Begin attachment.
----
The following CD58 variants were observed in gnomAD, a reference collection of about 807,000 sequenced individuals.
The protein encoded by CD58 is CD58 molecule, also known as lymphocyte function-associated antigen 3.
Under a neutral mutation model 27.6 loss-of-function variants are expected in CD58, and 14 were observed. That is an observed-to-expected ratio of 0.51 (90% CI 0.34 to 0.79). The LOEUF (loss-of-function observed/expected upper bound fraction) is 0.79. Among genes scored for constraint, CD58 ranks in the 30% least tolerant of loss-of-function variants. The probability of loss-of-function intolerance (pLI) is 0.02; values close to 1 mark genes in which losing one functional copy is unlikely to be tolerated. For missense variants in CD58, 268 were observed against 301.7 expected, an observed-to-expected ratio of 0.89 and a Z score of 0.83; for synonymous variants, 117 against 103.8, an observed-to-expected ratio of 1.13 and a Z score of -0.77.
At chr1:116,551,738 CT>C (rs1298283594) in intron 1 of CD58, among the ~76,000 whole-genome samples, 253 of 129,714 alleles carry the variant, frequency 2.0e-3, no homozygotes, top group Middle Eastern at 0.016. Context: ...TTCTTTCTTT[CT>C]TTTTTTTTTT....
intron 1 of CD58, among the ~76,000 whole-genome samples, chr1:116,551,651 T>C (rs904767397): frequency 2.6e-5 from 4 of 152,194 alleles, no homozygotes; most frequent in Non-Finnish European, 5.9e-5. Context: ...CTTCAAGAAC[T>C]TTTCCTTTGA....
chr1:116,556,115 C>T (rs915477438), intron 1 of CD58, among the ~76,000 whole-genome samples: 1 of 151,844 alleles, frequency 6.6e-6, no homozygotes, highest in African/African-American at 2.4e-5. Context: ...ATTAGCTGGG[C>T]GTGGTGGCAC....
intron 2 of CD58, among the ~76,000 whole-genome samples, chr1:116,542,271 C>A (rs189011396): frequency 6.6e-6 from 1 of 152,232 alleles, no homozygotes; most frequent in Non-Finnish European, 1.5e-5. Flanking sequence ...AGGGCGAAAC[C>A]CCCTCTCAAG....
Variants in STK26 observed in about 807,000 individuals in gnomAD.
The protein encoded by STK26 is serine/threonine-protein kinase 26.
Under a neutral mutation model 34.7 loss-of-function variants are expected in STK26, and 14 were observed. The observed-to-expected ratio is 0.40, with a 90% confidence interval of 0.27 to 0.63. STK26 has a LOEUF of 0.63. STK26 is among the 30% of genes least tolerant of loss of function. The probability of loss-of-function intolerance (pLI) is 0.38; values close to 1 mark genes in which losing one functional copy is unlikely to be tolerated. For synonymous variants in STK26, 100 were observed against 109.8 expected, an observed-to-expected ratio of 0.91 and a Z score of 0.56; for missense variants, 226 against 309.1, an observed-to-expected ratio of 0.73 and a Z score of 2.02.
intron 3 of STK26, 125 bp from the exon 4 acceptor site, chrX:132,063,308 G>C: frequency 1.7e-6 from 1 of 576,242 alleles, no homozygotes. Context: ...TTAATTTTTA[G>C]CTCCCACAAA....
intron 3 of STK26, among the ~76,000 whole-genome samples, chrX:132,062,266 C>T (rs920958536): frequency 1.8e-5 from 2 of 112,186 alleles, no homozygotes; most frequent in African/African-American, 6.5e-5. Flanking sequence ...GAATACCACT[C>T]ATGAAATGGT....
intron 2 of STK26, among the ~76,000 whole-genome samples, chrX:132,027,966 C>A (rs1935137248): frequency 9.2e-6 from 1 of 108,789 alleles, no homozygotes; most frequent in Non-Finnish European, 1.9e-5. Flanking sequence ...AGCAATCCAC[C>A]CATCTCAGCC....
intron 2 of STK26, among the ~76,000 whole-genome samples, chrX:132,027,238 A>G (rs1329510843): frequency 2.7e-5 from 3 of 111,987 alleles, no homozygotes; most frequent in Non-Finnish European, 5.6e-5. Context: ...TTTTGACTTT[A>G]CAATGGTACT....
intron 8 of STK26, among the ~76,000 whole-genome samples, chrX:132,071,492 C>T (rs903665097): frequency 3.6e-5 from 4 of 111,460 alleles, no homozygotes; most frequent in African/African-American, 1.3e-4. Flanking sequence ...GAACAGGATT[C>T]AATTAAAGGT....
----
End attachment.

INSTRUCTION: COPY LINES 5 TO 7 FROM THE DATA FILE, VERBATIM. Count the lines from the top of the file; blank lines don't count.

intron 1 of CD58, among the ~76,000 whole-genome samples, chr1:116,551,651 T>C (rs904767397): frequency 2.6e-5 from 4 of 152,194 alleles, no homozygotes; most frequent in Non-Finnish European, 5.9e-5. Context: ...CTTCAAGAAC[T>C]TTTCCTTTGA....
chr1:116,556,115 C>T (rs915477438), intron 1 of CD58, among the ~76,000 whole-genome samples: 1 of 151,844 alleles, frequency 6.6e-6, no homozygotes, highest in African/African-American at 2.4e-5. Context: ...ATTAGCTGGG[C>T]GTGGTGGCAC....
intron 2 of CD58, among the ~76,000 whole-genome samples, chr1:116,542,271 C>A (rs189011396): frequency 6.6e-6 from 1 of 152,232 alleles, no homozygotes; most frequent in Non-Finnish European, 1.5e-5. Flanking sequence ...AGGGCGAAAC[C>A]CCCTCTCAAG....